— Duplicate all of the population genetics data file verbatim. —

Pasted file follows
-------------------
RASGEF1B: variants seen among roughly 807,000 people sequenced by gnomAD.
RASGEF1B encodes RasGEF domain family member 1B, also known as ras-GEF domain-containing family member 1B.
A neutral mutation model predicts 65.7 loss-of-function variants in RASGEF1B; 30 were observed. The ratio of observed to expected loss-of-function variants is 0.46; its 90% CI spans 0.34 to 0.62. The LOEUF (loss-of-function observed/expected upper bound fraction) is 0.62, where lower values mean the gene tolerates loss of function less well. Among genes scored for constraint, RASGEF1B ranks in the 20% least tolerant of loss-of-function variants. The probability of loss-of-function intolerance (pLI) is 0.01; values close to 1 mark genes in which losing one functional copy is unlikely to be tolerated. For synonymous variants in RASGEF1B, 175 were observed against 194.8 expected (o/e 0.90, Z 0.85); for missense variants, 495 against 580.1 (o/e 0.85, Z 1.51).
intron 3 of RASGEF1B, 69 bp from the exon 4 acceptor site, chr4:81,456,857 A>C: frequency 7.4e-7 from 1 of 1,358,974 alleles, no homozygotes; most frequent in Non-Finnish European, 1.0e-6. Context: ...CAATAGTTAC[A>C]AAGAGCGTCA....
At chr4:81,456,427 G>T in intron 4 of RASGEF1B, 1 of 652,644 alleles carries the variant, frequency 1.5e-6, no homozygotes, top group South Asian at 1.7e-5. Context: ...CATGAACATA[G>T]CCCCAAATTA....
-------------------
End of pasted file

RASGEF1B: variants seen among roughly 807,000 people sequenced by gnomAD.
RASGEF1B encodes RasGEF domain family member 1B, also known as ras-GEF domain-containing family member 1B.
A neutral mutation model predicts 65.7 loss-of-function variants in RASGEF1B; 30 were observed. The ratio of observed to expected loss-of-function variants is 0.46; its 90% CI spans 0.34 to 0.62. The LOEUF (loss-of-function observed/expected upper bound fraction) is 0.62, where lower values mean the gene tolerates loss of function less well. Among genes scored for constraint, RASGEF1B ranks in the 20% least tolerant of loss-of-function variants. The probability of loss-of-function intolerance (pLI) is 0.01; values close to 1 mark genes in which losing one functional copy is unlikely to be tolerated. For synonymous variants in RASGEF1B, 175 were observed against 194.8 expected (o/e 0.90, Z 0.85); for missense variants, 495 against 580.1 (o/e 0.85, Z 1.51).
intron 3 of RASGEF1B, 69 bp from the exon 4 acceptor site, chr4:81,456,857 A>C: frequency 7.4e-7 from 1 of 1,358,974 alleles, no homozygotes; most frequent in Non-Finnish European, 1.0e-6. Context: ...CAATAGTTAC[A>C]AAGAGCGTCA....
At chr4:81,456,427 G>T in intron 4 of RASGEF1B, 1 of 652,644 alleles carries the variant, frequency 1.5e-6, no homozygotes, top group South Asian at 1.7e-5. Context: ...CATGAACATA[G>T]CCCCAAATTA....